What is TTL flash? A jargon-free guide for photographers

Flash photography can be intimidating; just too complicated, too unpredictable and too many acronyms to get your head around.

But getting to grips with it can give your photography an edge, whether you’re using a subtle blip of pop-up flash to brighten up shadows in a portrait or setting up multiple off-camera flashguns to illuminate an entire scene.

The flash exposure is affected by four key factors: the power of the flash, the distance it is from the subject, the aperture, and the ISO.

In manual flash mode, you decide how to manage these settings; but in TTL (through-the-lens) flash mode, the camera measures the brightness of the flash being reflected by the scene into the lens, and automatically adapts the power to produce what it determines is a good exposure.

The advantage of a TTL flash exposure is that the camera fine-tunes the flash exposure to compensate for any filters on the front of the lens or accessories on the flash head itself.

It also means that, unlike manual flash, you don’t have to spend time working out the exposure if you change the aperture or the distance the flash is from the subject; as long as you’re close enough, the camera will make adjustments in order to maintain a consistent flash exposure.

TTL is not without its drawbacks. As it measures the light that’s reflected by the surface that the flash strikes, it can overcompensate for very bright or dark or particularly reflective areas in the picture and output too much light or not enough.

It also lacks the consistency of manual flash: a slight change in the position of the camera or subject can noticeably change the flash exposure.

If you don’t like the result, you can use the flash exposure compensation function on the camera or the flashgun, in order to increase or decrease the brightness for a subsequent shot.

The latest iterations of TTL flash systems are intelligent, but they’re limited by the ‘sync’ speed. This is the fastest shutter speed at which normal TTL flash can be used, typically 1/200 sec or 1/250 sec.

The limiting factor here is the way that the pair of shutter curtains in front of a camera’s imaging sensor work. At the sync speed or slower, the entire surface of the imaging sensor will be exposed to light when you take a picture.

However, at faster shutter speeds, the sensor is never fully exposed to light in one go – the second curtain begins closing before the first one has finished opening, so the sensor is exposed through a fast-moving slit. This means that only part of the picture would be exposed by the flash when it fires.

Many systems incorporate a high-speed sync mode to get around this. In this mode, the flash fires a rapid sequence of low-power bursts to coincide with the gap created by the moving shutter curtains. The downside is that the flash needs to be much closer to the subject for it to be effective.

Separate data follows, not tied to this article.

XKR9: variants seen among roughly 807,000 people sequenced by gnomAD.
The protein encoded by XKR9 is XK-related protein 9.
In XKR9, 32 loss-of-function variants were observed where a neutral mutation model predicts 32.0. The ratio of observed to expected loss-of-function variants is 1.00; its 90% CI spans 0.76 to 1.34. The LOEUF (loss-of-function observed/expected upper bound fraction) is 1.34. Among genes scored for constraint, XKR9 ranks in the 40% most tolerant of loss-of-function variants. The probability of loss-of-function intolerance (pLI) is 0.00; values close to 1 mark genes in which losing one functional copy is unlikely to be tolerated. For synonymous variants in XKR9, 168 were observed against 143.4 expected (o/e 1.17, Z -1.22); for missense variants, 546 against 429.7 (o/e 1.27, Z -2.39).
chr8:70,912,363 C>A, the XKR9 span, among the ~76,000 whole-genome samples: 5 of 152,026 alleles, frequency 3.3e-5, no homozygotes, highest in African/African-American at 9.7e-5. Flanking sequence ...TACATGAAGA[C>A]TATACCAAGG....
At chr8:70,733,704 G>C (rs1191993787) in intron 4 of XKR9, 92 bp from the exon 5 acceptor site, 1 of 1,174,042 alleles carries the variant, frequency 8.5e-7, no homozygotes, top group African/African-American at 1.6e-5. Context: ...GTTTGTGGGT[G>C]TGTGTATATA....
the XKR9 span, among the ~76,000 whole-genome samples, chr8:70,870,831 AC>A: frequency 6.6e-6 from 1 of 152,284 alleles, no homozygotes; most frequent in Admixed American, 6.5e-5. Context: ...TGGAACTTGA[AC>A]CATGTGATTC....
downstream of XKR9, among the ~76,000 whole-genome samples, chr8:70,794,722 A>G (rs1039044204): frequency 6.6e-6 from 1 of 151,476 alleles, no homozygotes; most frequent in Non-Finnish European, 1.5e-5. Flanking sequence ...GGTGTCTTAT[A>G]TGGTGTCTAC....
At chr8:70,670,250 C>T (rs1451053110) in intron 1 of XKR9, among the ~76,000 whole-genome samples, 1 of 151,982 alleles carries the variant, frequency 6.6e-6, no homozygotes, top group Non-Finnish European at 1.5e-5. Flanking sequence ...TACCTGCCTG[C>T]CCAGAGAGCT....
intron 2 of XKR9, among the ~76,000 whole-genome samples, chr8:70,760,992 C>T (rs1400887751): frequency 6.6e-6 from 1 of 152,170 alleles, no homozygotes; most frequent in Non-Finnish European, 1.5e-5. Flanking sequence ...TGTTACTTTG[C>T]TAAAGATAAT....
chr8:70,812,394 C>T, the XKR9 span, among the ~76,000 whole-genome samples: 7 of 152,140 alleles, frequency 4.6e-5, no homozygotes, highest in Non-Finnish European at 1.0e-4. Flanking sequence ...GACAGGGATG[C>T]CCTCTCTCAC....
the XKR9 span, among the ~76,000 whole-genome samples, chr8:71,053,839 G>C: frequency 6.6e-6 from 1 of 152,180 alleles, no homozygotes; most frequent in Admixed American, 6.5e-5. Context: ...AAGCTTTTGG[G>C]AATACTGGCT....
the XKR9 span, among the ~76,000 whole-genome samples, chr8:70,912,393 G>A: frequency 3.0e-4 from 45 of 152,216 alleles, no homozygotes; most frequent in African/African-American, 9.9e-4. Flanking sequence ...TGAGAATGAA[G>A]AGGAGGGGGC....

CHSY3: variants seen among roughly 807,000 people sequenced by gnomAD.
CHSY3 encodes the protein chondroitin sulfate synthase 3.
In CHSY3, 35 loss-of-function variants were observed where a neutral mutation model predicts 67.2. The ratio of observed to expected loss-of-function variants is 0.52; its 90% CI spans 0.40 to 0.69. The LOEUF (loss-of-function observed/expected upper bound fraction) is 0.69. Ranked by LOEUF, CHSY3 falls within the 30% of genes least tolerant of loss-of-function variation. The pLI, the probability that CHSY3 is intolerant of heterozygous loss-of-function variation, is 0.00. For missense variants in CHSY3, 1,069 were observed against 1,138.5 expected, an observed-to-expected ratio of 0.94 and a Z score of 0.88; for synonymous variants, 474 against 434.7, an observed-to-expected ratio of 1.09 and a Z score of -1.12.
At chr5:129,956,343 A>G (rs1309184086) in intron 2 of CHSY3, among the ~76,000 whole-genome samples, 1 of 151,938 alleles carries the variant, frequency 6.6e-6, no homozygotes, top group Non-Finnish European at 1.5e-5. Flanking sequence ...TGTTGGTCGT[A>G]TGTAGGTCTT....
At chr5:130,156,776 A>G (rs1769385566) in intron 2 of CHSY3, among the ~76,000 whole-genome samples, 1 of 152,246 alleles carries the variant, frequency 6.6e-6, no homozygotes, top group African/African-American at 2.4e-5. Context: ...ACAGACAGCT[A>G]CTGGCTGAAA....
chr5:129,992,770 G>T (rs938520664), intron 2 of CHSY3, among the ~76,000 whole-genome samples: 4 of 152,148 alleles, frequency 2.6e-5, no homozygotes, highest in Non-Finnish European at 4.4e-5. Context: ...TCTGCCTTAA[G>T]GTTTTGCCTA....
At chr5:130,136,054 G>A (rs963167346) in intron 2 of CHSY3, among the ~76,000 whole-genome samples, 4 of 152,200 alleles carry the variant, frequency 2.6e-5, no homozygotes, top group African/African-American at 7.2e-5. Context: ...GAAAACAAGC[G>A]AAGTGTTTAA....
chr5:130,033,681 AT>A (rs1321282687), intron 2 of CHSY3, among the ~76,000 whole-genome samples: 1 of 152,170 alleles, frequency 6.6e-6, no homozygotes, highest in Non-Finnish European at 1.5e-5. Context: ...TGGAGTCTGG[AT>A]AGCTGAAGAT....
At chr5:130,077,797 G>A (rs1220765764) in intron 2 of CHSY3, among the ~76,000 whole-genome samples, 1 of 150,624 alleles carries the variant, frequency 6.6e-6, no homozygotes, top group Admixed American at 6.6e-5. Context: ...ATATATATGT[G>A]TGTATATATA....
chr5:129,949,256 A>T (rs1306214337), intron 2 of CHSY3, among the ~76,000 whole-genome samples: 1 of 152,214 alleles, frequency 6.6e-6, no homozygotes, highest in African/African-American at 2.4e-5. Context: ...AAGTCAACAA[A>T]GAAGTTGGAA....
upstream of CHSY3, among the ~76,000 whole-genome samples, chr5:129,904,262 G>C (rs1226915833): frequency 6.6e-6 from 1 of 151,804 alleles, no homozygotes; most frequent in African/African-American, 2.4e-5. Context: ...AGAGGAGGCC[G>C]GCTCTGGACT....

TTL flash and digital cameras

In the days of film photography, a separate TTL flash sensor in the camera continuously measured the amount of light that was reflected from the surface of the camera film.

Once the flash sensor had determined that the subject had been exposed correctly, the flash was extinguished.

The imaging sensors in digital cameras don’t reflect light in the same way that a frame of film does, so TTL flash metering has had to evolve.

Today’s advanced TTL flash systems, such as Nikon’s iTTL and Canon’s E-TTL II, use a low-power pre-flash to determine the optimum flash exposure before the main flash exposure begins.

In some instances you may notice this pre-flash – watch for people blinking in flash-lit portaits – but invariably the light from the pre-flash and the main flash are indistinguishable.

The light that’s reflected by the subject through the lens during this pre-flash hits the shutter curtains, and is measured by the camera’s normal metering system rather than by a dedicated flash meter.

Front or rear curtain?

A shutter mechanism is typically made up of two sets of curtains or blinds that sit between the mirror and the imaging sensor. These shutter curtains prevent light from reaching the sensor until you take a picture.

By default, a flash fires at the start of the exposure, as the first set of curtains move out of the way.

This is beneficial if timing is critical for a shot, but can be problematic if the subject is moving; any movement recorded during the main exposure will appear in front of the flash-lit subject.

However, many cameras and flashes enable you to choose rear or second curtain sync mode, which fires the flash just before the exposure ends. Any movement recorded at the start of the exposure will trail behind the subject, creating a more natural result.

Getting in sync

The two situations in which TTL flash often needs a little help are when you’re using it in sunlight and in near-darkness. Using a large aperture in very bright conditions may require a shutter speed that’s much faster than the sync speed of the flash.

To avoid exposure errors, you’ll need to reduce the overall exposure so it’s within the flash’s range, perhaps by setting a smaller aperture or using a neutral density filter on the lens.

Alternatively, you can activate the high-speed sync mode on a compatible flashgun. When you’re shooting in the dark and you still want to record the background lighting, you may have to use your camera’s slow-sync flash mode instead. This will keep the shutter open as long as it takes to record the ambient light.